More and more people are deciding to learn whether or not they have an abnormality in what have come to be known as the “breast cancer genes,” BRCA1 (BReast CAncer gene one) and BRCA2 (BReast CAncer gene two). Women who inherit a mutation, or abnormal change, in either of these genes — from their mothers or their fathers — have a much higher-than-average risk of developing breast cancer and ovarian cancer. Men with these mutations have an increased risk of breast cancer, especially if the BRCA2 gene is affected, and possibly of prostate cancer. Many inherited cases of breast cancer have been associated with these two genes.
The function of the BRCA genes is to keep breast cells growing normally and prevent any cancer cell growth. But when these genes contain the mutations that are passed from generation to generation, they do not function normally and breast cancer risk increases. Abnormal BRCA1 and BRCA2 genes may account for up to 10% of all breast cancers, or 1 out of every 10 cases.
Remember that most people who develop breast cancer have no family history of the disease. However, when a strong family history of breast and/or ovarian cancer is present, there may be reason to believe that a person has inherited a BRCA1 or BRCA2 mutation. Some people choose to undergo genetic testing to find out. A genetic test involves giving a blood sample that can be analyzed to pick up any abnormalities in these genes.
In this section, you can read more about the following topics related to genetic testing for BRCA1 and BRCA2 mutations:
- Learning About Your Family Background
- Deciding Who in the Family Should Get Tested
- Consent for the Gene Test
- Seeking Your Genetic Information: Pros and Cons
- Genetic Testing Facilities and Cost
- Getting Genetic Test Results
- What to Do if Your Genetic Test Results Are Negative
- What to Do if Your Genetic Test Results Are Positive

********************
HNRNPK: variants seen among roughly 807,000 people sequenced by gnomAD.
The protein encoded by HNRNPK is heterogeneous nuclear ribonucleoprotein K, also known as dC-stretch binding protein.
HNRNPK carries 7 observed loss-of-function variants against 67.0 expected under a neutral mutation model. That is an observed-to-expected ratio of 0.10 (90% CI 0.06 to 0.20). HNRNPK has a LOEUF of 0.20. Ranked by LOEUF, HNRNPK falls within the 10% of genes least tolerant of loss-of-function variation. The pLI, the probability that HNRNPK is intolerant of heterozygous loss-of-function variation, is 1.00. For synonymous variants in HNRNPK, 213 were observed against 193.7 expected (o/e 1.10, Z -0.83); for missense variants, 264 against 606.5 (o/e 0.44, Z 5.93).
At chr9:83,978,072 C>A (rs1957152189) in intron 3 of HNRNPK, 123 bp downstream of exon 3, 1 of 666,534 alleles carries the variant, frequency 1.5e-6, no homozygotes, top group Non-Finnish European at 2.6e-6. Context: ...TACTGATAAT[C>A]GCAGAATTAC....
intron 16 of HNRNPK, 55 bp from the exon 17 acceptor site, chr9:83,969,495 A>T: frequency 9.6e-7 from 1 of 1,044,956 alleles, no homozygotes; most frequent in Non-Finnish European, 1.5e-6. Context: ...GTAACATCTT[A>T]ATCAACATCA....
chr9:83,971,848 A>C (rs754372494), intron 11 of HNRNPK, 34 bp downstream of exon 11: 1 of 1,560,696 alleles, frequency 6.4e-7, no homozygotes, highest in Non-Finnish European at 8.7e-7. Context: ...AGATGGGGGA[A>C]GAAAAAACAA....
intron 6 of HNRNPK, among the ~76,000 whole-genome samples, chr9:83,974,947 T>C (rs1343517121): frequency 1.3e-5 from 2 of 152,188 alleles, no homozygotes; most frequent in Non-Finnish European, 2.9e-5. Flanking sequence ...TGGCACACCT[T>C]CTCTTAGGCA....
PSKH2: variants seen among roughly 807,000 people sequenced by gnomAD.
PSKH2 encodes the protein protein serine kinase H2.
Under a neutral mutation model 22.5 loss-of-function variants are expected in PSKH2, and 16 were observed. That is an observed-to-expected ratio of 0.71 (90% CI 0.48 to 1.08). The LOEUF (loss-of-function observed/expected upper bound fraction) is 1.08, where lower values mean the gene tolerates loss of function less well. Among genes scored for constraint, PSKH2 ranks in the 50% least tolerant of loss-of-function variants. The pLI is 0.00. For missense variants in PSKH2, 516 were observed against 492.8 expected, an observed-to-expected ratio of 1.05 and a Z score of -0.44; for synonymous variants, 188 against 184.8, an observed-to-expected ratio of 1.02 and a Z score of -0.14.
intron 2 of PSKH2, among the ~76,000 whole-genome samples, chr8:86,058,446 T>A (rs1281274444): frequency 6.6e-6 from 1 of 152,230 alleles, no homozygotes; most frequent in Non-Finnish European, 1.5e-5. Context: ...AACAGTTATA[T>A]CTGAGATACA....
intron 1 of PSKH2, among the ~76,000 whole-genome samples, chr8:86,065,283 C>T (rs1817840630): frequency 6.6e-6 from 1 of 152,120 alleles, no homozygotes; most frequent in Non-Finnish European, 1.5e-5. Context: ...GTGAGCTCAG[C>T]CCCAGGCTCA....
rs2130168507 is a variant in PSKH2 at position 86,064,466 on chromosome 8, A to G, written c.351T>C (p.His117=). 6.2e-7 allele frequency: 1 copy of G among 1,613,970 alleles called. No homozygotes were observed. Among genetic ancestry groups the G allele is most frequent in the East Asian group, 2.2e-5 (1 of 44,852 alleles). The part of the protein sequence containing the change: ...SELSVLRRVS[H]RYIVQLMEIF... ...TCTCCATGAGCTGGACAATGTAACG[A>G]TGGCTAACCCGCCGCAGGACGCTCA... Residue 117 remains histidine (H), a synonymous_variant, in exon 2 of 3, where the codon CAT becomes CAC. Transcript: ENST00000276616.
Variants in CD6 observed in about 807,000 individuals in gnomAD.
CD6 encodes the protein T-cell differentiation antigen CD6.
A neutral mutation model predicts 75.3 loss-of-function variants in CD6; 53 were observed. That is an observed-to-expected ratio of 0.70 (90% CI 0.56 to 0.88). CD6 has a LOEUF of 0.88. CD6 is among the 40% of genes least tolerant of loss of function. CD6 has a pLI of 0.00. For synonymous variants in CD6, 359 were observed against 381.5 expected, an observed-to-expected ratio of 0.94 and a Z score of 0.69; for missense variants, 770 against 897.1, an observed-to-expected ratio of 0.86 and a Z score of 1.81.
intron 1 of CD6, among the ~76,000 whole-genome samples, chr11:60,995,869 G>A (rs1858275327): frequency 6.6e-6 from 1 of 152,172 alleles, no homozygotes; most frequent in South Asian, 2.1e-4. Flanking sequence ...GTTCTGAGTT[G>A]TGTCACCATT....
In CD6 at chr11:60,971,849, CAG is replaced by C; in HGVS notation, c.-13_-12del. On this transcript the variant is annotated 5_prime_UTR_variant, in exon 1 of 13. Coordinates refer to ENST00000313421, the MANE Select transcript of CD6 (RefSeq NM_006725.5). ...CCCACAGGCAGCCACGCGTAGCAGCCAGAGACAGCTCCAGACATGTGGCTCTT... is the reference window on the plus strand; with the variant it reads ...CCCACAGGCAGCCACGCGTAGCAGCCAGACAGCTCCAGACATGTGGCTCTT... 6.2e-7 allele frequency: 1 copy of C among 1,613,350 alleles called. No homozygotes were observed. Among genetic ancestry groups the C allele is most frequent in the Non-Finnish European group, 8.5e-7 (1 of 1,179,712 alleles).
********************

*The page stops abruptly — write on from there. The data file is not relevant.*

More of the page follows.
- What to Do if Your Genetic Test Results Are Uncertain
If you want to learn more about family-related risk and genetics, you can visit the Lower Your Risk section of this site.
Researchers have discovered, and are continuing to discover, other gene abnormalities that are less common than BRCA1 and BRCA2 but also can raise breast cancer risk. Testing for these abnormalities is not done routinely, but it may be considered on the basis of your family history and personal situation. You can work with your doctor to decide whether testing for gene abnormalities besides BRCA1 and BRCA2 is warranted.
The medical experts for Genetic Testing are:
- Rachael Brandt, M.S., C.G.C., genetic counselor, Main Line Health Cancer Center, Philadelphia, PA
- Generosa Grana, M.D., F.A.C.P., breast cancer genetics specialist, Cooper Hospital/University Medical Center, Camden, NJ
- Marisa C. Weiss, M.D., breast radiation oncologist, Lankenau Hospital, Thomas Jefferson University Health System, Philadelphia, PA
These experts are members of the Breastcancer.org Professional Advisory Board, which includes more than 60 medical experts in breast cancer-related fields.
Simply having a proven gene abnormality does not necessarily mean that a woman will develop breast cancer, or that her cancer will be any worse than cancer that does not stem from an inherited genetic flaw.